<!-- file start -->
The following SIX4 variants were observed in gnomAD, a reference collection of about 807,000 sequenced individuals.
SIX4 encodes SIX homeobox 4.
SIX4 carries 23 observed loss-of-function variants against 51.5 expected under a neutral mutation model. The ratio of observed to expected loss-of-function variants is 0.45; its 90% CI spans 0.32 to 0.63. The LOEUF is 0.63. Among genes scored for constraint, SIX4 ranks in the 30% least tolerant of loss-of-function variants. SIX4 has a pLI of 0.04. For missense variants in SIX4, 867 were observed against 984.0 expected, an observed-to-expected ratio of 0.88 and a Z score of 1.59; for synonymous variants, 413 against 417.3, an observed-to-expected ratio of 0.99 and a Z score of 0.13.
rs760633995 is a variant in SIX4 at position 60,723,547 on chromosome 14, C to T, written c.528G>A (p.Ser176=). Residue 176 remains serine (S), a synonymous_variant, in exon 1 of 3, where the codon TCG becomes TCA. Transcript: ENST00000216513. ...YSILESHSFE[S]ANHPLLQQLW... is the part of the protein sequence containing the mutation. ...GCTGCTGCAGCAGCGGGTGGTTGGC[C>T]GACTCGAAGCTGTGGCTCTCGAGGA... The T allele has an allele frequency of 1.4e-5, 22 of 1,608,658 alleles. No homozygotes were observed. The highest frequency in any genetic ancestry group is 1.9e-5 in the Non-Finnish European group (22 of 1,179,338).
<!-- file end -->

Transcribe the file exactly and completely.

The following SIX4 variants were observed in gnomAD, a reference collection of about 807,000 sequenced individuals.
SIX4 encodes SIX homeobox 4.
SIX4 carries 23 observed loss-of-function variants against 51.5 expected under a neutral mutation model. The ratio of observed to expected loss-of-function variants is 0.45; its 90% CI spans 0.32 to 0.63. The LOEUF is 0.63. Among genes scored for constraint, SIX4 ranks in the 30% least tolerant of loss-of-function variants. SIX4 has a pLI of 0.04. For missense variants in SIX4, 867 were observed against 984.0 expected, an observed-to-expected ratio of 0.88 and a Z score of 1.59; for synonymous variants, 413 against 417.3, an observed-to-expected ratio of 0.99 and a Z score of 0.13.
rs760633995 is a variant in SIX4 at position 60,723,547 on chromosome 14, C to T, written c.528G>A (p.Ser176=). Residue 176 remains serine (S), a synonymous_variant, in exon 1 of 3, where the codon TCG becomes TCA. Transcript: ENST00000216513. ...YSILESHSFE[S]ANHPLLQQLW... is the part of the protein sequence containing the mutation. ...GCTGCTGCAGCAGCGGGTGGTTGGC[C>T]GACTCGAAGCTGTGGCTCTCGAGGA... The T allele has an allele frequency of 1.4e-5, 22 of 1,608,658 alleles. No homozygotes were observed. The highest frequency in any genetic ancestry group is 1.9e-5 in the Non-Finnish European group (22 of 1,179,338).